Semi-Independent Living Services (SILS)

Semi-Independent Living Services (SILS) are services that provide activities, recreation, training, and support. Individuals who qualify for SILS require less than a 24-hour care plan. For example, some individuals may need assistance in one area, such as money management. Other services provided by SILS may include training and assistance in preparing meals, shopping, personal appearance and hygiene, and other activities to maintain and improve a person’s capacity to live in the community. A goal of SILS is to support people so they can achieve personally-desired outcomes and lead self-directed lives. To qualify for services, your son or daughter must have a county developmental disabilities social worker. The county in which your child lives will pay for the service if there is money available. Each county has limited funds, so you may need to wait for services even if your child is eligible. Some families choose to pay for this service themselves.

In-Home Family Support Services

In-Home Family Support Services are provided to a person and his or her family, including extended family members in the family’s home or in the community. These services enable the person to remain in, or return to, his or her home. They include training of the person and their family members so the family can increase their capabilities to care for and maintain the person in their home. To receive in-home supports, your son or daughter needs to live with your family, receive Medical Assistance or waivered services, and have a county social worker.

Individualized Home Supports

Individualized Home Supports are services providing support and training in community living service categories for people 18 years or older who live in their own homes. Individualized home supports can be provided in the person’s own home or in public community settings, either in person or remotely. The services can include the need for both training and support, i.e., direct supervision, cueing, maintenance, guidance, instruction, incidental assistance with activities of daily living, or assistance with coordination of community living activities.

Supported Living Services (SLS)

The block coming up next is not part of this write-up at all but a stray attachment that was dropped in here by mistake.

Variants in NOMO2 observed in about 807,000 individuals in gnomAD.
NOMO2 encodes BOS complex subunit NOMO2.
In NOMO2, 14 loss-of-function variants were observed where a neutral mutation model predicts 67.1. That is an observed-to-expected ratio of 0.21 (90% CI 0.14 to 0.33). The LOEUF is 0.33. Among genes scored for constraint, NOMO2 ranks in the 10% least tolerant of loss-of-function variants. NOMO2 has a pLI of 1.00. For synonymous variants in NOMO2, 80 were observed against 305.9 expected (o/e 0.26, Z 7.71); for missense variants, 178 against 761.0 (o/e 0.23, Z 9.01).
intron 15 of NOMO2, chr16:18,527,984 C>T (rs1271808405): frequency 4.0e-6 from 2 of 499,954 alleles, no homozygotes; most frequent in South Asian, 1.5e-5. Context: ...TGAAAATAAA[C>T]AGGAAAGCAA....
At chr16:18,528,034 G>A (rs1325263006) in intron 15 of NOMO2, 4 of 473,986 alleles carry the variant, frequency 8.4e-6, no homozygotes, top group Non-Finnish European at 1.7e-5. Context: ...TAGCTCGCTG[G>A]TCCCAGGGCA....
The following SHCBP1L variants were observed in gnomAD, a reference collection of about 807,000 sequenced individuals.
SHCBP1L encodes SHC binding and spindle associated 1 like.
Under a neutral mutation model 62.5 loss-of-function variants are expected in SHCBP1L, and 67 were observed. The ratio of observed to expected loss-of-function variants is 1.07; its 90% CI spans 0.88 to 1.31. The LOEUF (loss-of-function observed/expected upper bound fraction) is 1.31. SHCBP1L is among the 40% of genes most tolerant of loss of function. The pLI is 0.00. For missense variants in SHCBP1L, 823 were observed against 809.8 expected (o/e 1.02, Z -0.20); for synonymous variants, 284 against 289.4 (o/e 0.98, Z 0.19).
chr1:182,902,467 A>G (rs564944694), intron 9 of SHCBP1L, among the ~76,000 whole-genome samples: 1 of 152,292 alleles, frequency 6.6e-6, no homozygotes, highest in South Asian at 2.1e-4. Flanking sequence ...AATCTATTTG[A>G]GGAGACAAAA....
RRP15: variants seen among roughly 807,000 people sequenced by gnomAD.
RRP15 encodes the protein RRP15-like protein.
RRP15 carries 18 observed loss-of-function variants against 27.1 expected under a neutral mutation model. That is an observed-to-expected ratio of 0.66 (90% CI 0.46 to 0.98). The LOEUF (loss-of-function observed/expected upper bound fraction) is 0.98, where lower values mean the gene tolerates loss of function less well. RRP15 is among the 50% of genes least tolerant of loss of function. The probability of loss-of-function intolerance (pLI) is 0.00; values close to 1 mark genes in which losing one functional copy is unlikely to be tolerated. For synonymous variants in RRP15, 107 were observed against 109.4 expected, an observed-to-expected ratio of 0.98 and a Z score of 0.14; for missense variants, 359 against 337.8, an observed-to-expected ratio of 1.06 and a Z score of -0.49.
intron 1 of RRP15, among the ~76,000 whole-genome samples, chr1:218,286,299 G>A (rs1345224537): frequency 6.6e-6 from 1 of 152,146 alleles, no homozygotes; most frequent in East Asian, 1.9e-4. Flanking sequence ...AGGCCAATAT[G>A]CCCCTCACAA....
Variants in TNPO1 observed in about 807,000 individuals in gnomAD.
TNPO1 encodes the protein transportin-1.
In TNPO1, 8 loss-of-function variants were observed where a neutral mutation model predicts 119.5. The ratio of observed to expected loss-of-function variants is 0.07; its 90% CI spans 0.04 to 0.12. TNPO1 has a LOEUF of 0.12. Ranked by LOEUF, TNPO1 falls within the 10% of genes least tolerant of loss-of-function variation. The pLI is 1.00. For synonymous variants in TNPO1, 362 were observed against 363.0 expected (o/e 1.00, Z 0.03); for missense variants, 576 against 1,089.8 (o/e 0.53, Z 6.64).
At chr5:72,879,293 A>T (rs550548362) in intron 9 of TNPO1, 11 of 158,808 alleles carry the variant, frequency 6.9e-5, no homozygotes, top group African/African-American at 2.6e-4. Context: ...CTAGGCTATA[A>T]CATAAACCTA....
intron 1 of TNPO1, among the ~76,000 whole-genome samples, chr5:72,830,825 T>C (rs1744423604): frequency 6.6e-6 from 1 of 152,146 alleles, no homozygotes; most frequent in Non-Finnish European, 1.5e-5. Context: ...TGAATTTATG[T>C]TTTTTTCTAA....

Supported Living Services (SLS) help people who require daily staff intervention due to lack of general survival skills. Individuals who receive SLS services in a residential setting require a 24-hour plan of care. Support for medical conditions, physical disabilities, sensory impairments, and challenging behaviors are included. To qualify for services, an individual must be on the waiver program. People of all ages, with developmental disabilities, who have a county social worker, and are on Medical Assistance, can participate.

Respite

Respite services offer relief to a family member or main caregiver and are available to individuals with disabilities living in their own homes. Your son or daughter may stay at home or go to another home to receive services. You need to have a county social worker and be screened and eligible to receive services.

Home Care Services

Home care services provide medical- and health-related services and assistance with day-to-day activities to people in their home. It can be used to provide short-term care for people moving from a hospital or nursing home back to their home, or to provide continuing care to people with ongoing needs. Home care services may also be provided outside the person’s residence when normal life activities take them into the community. Medical Assistance covers the following home care services: Equipment and supplies, such as wheelchairs and diabetic supplies; home health aide; personal care assistance; private duty nursing; skilled nursing, either face-to-face or via tele-home care technology; and therapies (occupational, physical, respiratory, and speech).

Consumer Support Grant (CSG)

The Consumer Support Grant (CSG) program is a state-funded alternative to Medicaid home care services of home health aide, personal care assistance, and/or private duty nursing.

The CSG program provides consumers with greater flexibility and freedom of choice in service selection, payment rates, service delivery specifications, and employment of service providers. Parents, spouses, family members, trusted neighbors, or friends can be paid for service, along with employees of home care provider agencies.

Family Support Grant (FSG)